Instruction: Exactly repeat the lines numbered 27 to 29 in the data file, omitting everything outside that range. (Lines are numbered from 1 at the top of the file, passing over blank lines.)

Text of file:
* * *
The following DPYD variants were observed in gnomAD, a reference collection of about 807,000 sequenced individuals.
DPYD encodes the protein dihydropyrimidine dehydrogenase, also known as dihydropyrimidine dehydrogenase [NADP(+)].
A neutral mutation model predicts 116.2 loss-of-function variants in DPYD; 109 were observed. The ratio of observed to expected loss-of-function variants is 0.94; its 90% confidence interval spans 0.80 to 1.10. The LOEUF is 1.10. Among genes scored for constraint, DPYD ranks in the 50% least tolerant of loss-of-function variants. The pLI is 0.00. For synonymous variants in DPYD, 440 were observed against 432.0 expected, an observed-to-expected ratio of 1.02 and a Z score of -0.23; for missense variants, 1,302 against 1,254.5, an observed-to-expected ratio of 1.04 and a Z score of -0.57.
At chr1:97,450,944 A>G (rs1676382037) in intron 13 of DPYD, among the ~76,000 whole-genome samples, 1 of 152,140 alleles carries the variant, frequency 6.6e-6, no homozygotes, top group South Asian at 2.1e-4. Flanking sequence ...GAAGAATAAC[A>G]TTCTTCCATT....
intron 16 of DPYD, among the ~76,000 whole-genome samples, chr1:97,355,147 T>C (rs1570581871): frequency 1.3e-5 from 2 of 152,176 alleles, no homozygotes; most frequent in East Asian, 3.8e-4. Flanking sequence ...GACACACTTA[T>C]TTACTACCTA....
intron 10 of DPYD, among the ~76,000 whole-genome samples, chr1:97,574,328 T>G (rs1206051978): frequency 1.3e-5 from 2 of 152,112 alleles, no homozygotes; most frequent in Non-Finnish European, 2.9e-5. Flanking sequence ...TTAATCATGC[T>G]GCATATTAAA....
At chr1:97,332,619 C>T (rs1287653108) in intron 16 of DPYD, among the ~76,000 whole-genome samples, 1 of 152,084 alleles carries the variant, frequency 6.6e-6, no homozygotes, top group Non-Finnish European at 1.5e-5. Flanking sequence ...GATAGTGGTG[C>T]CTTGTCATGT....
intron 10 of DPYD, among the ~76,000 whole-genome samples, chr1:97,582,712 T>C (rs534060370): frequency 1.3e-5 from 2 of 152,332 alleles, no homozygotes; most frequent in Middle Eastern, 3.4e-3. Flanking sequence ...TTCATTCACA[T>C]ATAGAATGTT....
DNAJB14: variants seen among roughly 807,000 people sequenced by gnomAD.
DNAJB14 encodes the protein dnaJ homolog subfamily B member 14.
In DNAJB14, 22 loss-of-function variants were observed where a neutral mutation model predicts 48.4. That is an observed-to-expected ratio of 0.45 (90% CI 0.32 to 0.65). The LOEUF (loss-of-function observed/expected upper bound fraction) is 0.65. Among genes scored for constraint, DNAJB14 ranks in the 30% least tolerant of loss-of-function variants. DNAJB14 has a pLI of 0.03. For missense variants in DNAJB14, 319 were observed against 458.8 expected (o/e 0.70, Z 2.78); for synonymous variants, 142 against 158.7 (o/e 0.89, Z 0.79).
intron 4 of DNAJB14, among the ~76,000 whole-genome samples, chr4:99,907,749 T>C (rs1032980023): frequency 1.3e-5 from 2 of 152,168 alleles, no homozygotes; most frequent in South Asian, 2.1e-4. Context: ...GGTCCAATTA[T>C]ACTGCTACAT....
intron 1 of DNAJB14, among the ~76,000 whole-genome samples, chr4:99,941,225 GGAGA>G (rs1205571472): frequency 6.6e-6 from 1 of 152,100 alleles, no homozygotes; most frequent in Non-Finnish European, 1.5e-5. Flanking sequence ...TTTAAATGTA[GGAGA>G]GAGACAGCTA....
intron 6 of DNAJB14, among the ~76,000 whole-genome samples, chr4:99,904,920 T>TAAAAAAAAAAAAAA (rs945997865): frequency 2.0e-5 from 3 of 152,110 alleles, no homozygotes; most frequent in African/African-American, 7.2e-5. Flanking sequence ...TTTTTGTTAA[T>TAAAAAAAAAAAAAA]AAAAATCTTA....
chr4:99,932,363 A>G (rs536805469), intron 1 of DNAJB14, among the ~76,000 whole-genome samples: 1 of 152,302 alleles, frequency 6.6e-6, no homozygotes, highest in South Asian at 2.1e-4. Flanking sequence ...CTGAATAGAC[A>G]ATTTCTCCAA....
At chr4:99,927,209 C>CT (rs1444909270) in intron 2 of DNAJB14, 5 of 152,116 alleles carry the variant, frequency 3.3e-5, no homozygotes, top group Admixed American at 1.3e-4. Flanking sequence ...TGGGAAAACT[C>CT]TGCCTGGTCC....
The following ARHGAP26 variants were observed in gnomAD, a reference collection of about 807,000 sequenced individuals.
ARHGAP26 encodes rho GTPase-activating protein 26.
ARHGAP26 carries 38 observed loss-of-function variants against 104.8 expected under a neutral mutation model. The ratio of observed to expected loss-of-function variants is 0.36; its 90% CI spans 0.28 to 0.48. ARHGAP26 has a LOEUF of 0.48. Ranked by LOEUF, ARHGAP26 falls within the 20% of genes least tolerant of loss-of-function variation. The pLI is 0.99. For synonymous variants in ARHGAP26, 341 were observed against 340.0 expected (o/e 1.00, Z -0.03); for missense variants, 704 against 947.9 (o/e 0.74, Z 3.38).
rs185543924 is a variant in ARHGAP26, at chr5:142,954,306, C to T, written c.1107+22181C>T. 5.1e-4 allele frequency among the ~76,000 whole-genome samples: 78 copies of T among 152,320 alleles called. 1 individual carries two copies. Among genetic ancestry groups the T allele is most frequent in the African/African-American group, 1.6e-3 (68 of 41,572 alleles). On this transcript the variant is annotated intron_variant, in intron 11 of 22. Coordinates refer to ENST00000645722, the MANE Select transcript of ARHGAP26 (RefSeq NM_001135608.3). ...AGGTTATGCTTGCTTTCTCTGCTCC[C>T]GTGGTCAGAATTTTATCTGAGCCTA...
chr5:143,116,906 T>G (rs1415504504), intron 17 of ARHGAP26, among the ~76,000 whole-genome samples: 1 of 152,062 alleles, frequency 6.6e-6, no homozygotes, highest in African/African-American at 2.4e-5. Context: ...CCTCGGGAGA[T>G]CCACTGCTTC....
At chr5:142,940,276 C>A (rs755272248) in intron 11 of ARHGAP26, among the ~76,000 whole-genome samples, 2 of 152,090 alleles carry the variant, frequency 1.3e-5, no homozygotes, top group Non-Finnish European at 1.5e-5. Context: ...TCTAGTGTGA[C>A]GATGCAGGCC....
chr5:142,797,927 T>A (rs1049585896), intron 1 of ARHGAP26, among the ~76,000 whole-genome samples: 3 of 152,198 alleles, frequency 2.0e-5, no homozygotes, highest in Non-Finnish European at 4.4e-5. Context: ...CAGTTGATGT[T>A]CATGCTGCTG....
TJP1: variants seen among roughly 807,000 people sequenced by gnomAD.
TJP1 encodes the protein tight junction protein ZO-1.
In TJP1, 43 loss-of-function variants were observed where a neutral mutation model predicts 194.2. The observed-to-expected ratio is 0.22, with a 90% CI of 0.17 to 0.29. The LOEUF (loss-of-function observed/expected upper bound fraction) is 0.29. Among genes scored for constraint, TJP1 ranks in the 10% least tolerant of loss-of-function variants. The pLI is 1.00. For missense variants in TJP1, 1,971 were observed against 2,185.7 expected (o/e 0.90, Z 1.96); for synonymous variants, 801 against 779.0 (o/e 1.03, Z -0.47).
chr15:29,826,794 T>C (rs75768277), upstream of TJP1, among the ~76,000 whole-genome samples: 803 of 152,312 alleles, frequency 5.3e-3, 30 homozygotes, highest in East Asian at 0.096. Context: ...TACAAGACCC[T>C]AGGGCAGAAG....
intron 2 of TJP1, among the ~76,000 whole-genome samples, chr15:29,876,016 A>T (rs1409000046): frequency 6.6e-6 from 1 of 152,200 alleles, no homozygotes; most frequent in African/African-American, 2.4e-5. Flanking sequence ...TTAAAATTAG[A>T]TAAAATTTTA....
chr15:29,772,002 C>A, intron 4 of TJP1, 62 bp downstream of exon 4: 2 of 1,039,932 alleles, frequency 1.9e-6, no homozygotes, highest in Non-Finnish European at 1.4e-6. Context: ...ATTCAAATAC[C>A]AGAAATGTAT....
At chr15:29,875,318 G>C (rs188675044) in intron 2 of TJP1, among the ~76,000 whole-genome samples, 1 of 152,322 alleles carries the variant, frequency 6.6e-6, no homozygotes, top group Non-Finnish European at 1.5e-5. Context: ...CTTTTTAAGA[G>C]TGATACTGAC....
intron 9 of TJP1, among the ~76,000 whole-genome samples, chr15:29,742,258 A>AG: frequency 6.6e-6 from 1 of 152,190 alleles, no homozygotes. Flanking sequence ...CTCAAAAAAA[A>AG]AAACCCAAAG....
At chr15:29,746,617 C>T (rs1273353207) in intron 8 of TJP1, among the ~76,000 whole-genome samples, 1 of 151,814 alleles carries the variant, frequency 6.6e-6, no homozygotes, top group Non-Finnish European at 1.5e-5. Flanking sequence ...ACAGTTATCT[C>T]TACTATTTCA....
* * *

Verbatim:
chr15:29,826,794 T>C (rs75768277), upstream of TJP1, among the ~76,000 whole-genome samples: 803 of 152,312 alleles, frequency 5.3e-3, 30 homozygotes, highest in East Asian at 0.096. Context: ...TACAAGACCC[T>C]AGGGCAGAAG....
intron 2 of TJP1, among the ~76,000 whole-genome samples, chr15:29,876,016 A>T (rs1409000046): frequency 6.6e-6 from 1 of 152,200 alleles, no homozygotes; most frequent in African/African-American, 2.4e-5. Flanking sequence ...TTAAAATTAG[A>T]TAAAATTTTA....
chr15:29,772,002 C>A, intron 4 of TJP1, 62 bp downstream of exon 4: 2 of 1,039,932 alleles, frequency 1.9e-6, no homozygotes, highest in Non-Finnish European at 1.4e-6. Context: ...ATTCAAATAC[C>A]AGAAATGTAT....